Takeaways from RealComm/iBcomm 21 from TCG’s Smart Building Team

Scottsdale, AZ – November 2021. Three of TCG’s smart building leaders – Charlie Buscarino, Steve Cernik, and Chris Durben – recently attended the Realcomm/iBcon 2021 conference in Scottsdale, Arizona, where they had the opportunity to glimpse at the future of the Smart Building industry. While at the conference, they noticed a variety of trends and interesting developments that heralded the major changes in Smart Buildings and encouraged the philosophy of smart buildings they espouse. A few of the key takeaways included: 


One major aspect TCG found to be beneficial was being able to reconvene with major figures in the smart buildings industry, and to add more information into their repertoire. TCG noted that those present at Realcomm were an incredibly influential group of leaders at the top of the industry. It was an excellent tool in allowing all sorts of distinct groups (property owners and managers, consultants, vendors, etc.) to communicate with each other and share ideas on what can be done for the future of smart buildings. “By interacting with these industry groups, it allowed me to see who is at the vanguard of the industryOur team needs to have conversations with them, compare ideas and make sure we’re all using the latest and greatest in terms of concepts and ideas and that we’re all on the forefront. Says TCG Project Manager and Smart Building Subject Matter Expert Chris DurbenIt keeps us very top-of-mind.” 
A discussion we found to be extremely insightful at RealComm was the emphasis on ESG, or Environmental, Social and Governance factors for a real estate asset. One major factor that especially timely was how organizations are developing new ways to collect data regarding the environment. “It was certainly engaging to understand the complexities of the situation,” says Steve Cernik, Project Manager at TCG. “Especially from a commercial real estate perspective-slash-developer, is that they are required to adhere to and report on strict ESG metrics, but their tenants are not.” Cernik found it interesting that the relationship between real estate asset owner and tenant was a major factor that needed to be leveraged to maintain accurate information on how the asset is being environmentally sustainable.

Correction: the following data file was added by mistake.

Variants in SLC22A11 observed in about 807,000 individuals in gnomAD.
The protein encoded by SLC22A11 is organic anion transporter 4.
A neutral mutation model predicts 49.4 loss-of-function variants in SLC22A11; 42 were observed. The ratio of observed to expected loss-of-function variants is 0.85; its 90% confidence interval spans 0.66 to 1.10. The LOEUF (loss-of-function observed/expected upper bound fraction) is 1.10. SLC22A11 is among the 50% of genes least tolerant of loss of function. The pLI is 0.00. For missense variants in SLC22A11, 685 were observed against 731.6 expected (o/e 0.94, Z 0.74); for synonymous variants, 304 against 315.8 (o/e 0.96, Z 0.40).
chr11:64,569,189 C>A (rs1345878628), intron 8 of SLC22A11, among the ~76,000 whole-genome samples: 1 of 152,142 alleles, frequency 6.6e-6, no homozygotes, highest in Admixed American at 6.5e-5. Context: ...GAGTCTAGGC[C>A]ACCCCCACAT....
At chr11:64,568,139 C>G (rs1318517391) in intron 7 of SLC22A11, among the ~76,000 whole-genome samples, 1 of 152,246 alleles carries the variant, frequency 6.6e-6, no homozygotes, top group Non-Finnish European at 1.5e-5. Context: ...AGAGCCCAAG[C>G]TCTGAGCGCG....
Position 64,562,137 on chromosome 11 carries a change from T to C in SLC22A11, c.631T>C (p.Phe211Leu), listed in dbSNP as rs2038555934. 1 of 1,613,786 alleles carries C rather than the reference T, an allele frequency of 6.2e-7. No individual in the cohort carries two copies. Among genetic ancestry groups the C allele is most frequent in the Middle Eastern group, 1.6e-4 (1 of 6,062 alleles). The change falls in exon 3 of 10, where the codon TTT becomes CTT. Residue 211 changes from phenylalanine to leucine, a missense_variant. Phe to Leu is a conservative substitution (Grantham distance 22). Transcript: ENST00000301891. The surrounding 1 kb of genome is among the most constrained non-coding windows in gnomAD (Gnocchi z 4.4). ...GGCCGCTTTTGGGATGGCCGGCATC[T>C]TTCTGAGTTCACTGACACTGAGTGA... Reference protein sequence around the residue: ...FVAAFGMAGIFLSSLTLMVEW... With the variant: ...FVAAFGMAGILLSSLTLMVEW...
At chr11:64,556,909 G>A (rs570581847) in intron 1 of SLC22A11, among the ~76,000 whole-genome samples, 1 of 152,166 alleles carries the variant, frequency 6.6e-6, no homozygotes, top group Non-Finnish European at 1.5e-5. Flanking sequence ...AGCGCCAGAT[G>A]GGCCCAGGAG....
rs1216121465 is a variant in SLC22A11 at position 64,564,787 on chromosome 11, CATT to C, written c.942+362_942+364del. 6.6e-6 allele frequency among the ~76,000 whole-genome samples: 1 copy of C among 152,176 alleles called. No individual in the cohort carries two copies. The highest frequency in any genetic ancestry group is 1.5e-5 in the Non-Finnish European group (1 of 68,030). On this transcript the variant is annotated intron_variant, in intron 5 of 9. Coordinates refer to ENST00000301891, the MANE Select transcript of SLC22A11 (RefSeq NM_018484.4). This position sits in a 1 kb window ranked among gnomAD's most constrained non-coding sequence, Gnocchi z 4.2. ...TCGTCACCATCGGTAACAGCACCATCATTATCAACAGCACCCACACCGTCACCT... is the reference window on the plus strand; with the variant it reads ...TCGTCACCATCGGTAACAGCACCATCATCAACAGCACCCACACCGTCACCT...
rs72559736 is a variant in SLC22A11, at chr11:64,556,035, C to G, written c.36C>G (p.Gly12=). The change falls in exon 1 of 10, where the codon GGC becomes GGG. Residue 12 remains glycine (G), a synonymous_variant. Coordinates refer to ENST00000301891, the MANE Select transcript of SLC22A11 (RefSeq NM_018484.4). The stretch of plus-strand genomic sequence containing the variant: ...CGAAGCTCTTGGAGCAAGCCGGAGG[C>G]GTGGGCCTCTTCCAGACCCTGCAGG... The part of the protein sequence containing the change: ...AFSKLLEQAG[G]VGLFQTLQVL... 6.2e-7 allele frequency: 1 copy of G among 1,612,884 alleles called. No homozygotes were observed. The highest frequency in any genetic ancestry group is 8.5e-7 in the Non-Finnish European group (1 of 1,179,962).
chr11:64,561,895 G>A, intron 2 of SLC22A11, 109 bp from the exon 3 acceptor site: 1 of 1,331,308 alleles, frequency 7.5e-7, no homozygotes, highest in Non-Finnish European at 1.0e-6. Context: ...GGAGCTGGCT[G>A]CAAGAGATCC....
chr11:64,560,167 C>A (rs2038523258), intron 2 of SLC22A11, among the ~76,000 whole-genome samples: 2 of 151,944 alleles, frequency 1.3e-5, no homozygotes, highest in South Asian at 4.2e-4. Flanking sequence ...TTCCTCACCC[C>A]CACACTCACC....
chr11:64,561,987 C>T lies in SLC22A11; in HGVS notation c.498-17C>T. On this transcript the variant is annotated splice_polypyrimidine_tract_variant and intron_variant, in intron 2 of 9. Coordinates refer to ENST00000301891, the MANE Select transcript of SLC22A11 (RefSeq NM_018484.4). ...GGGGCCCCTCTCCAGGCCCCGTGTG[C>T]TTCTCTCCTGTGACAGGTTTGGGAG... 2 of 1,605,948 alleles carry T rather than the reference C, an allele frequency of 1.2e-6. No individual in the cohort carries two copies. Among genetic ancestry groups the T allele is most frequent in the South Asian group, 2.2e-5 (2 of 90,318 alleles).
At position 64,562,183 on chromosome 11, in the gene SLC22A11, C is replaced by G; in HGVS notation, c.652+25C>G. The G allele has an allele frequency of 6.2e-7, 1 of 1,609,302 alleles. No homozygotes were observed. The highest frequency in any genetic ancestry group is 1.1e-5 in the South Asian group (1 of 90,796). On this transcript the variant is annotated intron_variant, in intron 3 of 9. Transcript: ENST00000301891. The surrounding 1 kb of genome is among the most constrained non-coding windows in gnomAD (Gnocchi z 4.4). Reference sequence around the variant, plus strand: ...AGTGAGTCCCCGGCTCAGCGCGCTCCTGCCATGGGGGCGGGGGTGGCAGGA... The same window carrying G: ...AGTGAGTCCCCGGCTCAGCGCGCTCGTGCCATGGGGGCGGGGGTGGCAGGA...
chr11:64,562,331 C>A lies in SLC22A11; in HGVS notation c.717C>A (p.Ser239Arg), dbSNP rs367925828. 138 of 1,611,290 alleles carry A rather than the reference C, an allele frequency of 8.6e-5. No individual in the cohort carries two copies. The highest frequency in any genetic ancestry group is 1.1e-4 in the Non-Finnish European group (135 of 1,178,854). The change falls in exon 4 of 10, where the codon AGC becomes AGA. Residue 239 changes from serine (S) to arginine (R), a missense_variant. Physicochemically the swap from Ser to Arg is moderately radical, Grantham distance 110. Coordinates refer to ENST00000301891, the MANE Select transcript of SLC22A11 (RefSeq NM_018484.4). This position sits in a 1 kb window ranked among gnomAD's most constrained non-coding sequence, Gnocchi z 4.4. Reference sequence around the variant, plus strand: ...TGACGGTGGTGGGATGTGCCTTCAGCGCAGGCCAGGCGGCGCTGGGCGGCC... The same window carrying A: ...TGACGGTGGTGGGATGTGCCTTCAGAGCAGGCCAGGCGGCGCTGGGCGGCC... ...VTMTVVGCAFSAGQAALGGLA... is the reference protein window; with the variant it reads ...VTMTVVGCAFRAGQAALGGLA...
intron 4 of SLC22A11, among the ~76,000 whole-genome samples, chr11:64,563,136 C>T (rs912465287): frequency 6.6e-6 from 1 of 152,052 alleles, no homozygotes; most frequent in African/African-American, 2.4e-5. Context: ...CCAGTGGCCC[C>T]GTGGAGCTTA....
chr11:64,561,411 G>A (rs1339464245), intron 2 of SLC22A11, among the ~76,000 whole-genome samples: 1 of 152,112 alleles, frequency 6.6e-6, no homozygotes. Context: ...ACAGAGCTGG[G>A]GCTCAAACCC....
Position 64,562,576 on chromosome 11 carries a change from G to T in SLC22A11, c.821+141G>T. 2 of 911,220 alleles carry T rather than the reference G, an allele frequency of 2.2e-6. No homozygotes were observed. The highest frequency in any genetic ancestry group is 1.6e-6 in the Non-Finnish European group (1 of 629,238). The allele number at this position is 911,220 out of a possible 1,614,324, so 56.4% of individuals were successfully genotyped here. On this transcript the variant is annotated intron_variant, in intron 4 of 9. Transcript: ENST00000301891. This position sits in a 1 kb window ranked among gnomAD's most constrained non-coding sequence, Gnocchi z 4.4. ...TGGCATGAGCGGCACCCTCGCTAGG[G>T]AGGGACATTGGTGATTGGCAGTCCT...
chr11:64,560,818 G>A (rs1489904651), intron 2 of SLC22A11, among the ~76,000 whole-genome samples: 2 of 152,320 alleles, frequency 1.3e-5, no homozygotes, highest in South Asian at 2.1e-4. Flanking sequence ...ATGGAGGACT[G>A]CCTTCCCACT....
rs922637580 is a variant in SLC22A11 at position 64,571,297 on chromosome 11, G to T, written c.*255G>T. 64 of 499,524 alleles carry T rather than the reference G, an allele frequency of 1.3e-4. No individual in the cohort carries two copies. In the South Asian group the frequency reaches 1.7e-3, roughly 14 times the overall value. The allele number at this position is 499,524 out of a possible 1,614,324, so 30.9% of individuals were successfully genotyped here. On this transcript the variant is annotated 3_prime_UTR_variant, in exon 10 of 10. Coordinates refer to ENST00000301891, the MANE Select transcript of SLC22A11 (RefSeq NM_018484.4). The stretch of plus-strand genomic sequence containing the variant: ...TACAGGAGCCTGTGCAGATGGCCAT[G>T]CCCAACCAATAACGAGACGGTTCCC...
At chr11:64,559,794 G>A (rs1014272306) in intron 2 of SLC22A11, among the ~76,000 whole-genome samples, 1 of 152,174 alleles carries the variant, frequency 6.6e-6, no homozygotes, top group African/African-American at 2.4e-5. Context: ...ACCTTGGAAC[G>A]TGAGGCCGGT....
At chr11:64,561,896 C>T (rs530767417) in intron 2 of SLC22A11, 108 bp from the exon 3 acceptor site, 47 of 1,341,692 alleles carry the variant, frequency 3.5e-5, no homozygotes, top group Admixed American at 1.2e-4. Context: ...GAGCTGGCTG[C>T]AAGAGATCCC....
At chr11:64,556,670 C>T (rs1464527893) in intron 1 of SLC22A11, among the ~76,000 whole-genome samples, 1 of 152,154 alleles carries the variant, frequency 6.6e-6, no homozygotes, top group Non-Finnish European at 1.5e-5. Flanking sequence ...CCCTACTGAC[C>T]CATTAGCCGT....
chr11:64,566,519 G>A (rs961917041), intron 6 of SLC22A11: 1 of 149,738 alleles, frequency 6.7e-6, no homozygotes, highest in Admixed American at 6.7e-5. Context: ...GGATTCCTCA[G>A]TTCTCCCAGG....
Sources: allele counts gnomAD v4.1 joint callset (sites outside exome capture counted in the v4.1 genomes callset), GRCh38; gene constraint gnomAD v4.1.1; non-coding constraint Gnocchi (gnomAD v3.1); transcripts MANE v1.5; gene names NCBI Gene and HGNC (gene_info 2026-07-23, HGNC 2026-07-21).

However, Mr. Cernik noted that the rules and regulations regarding the Social and Governance factors of ERG are few and far between. This is mostly due to information regarding these factors are most often private unless the asset owner is required to share them with the public. When it comes to fitting ESG into Smart buildings, he observed that, “It certainly fits within our strategy [and] the way we approach our projects. It certainly helps define our requirements and especially work with the developers and tenants to adhere to the requirements. It certainly fits well within our model and our approach to help both the developer and the tenant understand how the data is being used, where it’s being used. Then what are the incentives-slash-API’s on the back end that everyone can monitor and adhere to.” 
One aspect that our people noted was underrepresented was the endgame of the user experience when designing a smart building. It was very focused on the building optimization aspect and then the real-estate management aspect.” says Steve Cernik, I think what was surprising was there was not a lot of showcases surrounding the occupant experience‘We build buildings for people,’ is what a lot of people said at Realcomm, and yet, we did not see a lot of vendors showcasing and elaborating how they enable it. It’s still more about the building and the real-estate asset than it is about the occupant.  CEO Charlie Buscarino says “If you and I are going into a building and I say, ‘Hey by the way, that’s a smart building,’ what tends to go through someone’s mind is, ‘What does that mean for me?’ I know I’m going to be comfortable, and I know it’s going to be energy efficient and so on, but can I find my seat faster? Can I find the conference room? Can I find a friend of mine? Can I order food? …How does it make me do my task more efficiently? That’s what’s not talked about there and that’s what makes us unique because we’re the only ones that are really talking about that and bringing that user experience to the discussion. And a smart building should do both.”  
Additionally, Buscarino noticed that the smart buildings industry attendees included many different companieseach with different areas of expertise However, only a few companies prioritized delivering a holistic smart building experience – one of them being The Clarient Group. He observed that “The Clarient Group is on the right track staying at the forefront of the smart buildings industry. Realcomm reinforced to him that TCG is positioned to be a force unlike any other within the smart building industry and will continue to lead into the future“Unlike previous years, people knew who we are and what we stand for.” 

About The Clarient Group: The Clarient Group is a smart building technology consulting and design firm providing services including visioning and master planning, technology systems integration to the planning, design, and project management of major building technology systems.  The firm’s focus is on developing technology solutions that improve building operations, reduce capital costs, generate revenue and enhance user experiences.  The firm’s notable projects include the American Dream retail and entertainment development, Marriott Headquarters, Asurion Headquarters, TSX Broadway development, and Central Park Tower – the world’s tallest residential building.  For more information, visit www.theclarientgroup.com.